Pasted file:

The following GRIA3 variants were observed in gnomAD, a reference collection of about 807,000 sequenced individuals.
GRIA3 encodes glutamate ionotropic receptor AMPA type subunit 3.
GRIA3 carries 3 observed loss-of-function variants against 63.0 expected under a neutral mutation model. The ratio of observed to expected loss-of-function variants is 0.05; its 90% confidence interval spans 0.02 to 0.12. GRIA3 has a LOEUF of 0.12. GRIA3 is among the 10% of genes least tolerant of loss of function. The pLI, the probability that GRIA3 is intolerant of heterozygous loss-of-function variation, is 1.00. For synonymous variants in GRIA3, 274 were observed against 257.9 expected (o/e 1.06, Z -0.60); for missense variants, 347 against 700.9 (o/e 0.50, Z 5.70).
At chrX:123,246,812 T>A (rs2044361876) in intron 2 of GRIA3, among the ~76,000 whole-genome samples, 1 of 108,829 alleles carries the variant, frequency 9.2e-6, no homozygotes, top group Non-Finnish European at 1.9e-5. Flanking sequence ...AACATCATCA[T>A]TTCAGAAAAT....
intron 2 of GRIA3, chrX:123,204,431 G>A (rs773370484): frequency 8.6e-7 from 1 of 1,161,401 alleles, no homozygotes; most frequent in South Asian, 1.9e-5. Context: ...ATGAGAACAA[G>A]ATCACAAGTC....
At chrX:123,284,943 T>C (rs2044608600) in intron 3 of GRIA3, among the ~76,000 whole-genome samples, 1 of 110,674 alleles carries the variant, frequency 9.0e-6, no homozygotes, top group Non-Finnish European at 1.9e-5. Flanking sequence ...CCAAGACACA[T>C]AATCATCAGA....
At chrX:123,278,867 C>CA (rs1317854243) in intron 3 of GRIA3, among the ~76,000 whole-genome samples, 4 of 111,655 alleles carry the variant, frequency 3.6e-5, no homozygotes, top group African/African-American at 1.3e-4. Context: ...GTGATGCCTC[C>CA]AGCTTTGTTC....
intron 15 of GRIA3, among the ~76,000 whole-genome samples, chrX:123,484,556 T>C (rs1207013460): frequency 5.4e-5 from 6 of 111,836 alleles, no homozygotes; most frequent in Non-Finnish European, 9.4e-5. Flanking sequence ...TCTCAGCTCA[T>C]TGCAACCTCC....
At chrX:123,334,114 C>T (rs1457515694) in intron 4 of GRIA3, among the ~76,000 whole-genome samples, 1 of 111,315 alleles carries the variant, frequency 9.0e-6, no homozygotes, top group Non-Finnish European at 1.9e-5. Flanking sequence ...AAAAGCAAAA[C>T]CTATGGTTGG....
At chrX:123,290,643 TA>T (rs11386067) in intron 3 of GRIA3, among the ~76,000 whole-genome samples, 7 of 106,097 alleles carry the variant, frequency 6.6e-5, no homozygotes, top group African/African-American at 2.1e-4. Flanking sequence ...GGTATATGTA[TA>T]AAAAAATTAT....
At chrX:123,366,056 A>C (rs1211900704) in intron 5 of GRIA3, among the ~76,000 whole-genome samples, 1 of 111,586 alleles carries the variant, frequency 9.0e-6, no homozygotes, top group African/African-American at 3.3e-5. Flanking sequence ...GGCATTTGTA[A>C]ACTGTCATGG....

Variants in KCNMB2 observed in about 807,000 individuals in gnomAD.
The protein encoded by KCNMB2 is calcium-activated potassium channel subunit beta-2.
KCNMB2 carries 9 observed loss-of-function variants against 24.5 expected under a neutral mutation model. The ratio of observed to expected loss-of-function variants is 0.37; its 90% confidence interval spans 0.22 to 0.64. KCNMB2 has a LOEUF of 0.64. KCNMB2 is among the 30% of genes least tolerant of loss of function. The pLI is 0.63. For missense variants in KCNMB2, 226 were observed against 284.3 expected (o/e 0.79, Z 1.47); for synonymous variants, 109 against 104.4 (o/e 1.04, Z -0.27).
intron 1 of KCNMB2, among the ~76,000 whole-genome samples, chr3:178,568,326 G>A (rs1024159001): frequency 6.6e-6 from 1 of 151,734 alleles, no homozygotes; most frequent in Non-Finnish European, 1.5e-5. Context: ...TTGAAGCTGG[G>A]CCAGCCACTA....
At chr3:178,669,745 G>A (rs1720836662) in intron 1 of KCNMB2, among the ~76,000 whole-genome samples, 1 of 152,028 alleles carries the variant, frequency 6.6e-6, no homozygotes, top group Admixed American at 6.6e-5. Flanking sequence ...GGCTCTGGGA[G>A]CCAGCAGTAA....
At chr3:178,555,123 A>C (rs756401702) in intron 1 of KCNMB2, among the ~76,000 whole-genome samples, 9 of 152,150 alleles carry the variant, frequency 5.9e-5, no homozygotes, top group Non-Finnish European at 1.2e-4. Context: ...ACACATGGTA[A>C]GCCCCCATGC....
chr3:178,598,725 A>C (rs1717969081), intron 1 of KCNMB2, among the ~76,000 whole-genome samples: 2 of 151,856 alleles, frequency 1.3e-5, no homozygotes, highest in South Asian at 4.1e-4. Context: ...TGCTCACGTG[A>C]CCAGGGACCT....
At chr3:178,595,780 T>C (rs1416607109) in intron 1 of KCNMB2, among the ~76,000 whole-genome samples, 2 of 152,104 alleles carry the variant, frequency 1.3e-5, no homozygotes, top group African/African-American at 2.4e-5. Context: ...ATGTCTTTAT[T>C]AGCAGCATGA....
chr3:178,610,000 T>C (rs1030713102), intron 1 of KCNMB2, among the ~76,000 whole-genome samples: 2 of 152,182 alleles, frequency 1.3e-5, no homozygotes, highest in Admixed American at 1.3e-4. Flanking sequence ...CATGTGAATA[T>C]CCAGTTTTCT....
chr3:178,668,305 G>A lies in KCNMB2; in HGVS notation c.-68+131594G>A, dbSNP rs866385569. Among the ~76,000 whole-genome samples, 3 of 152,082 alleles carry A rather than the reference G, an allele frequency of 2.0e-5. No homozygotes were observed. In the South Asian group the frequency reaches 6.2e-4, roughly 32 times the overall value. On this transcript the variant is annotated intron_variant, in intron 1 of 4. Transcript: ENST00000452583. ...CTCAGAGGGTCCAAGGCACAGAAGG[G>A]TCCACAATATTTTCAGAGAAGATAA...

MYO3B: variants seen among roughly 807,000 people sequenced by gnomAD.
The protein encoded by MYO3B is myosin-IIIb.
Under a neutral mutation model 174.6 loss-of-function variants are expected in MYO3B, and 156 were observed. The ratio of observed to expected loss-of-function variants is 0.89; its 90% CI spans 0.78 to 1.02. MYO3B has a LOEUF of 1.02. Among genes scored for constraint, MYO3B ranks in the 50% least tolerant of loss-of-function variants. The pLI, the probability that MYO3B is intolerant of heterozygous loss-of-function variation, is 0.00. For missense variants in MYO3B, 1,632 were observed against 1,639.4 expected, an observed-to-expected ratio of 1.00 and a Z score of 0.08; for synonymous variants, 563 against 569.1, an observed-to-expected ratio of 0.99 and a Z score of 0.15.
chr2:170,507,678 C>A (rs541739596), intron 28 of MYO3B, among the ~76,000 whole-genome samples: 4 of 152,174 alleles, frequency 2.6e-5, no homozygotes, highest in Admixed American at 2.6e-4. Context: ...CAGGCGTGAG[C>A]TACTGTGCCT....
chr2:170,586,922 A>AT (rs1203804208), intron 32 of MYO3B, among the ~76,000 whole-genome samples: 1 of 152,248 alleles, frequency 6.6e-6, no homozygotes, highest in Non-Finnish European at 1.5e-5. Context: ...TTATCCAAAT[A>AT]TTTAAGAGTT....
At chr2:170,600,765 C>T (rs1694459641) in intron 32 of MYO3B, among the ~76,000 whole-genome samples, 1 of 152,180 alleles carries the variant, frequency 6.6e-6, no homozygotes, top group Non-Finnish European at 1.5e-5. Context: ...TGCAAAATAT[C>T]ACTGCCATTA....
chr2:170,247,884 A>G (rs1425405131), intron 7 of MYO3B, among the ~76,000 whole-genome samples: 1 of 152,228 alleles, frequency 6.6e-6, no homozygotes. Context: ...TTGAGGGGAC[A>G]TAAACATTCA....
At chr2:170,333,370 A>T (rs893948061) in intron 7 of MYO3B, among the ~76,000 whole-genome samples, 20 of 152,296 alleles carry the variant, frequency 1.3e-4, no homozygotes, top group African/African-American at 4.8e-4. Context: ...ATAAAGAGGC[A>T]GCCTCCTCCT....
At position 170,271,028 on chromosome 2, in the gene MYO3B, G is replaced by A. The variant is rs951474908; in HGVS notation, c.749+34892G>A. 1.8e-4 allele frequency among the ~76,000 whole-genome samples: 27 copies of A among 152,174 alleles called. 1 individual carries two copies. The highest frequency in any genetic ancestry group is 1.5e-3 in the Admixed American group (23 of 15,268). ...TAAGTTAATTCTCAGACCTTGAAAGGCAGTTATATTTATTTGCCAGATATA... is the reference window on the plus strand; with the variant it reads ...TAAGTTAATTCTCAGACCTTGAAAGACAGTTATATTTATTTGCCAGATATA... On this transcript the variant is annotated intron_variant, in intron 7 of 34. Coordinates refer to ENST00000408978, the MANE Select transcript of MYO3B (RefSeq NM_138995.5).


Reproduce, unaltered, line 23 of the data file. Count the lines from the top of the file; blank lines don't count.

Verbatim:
The protein encoded by MYO3B is myosin-IIIb.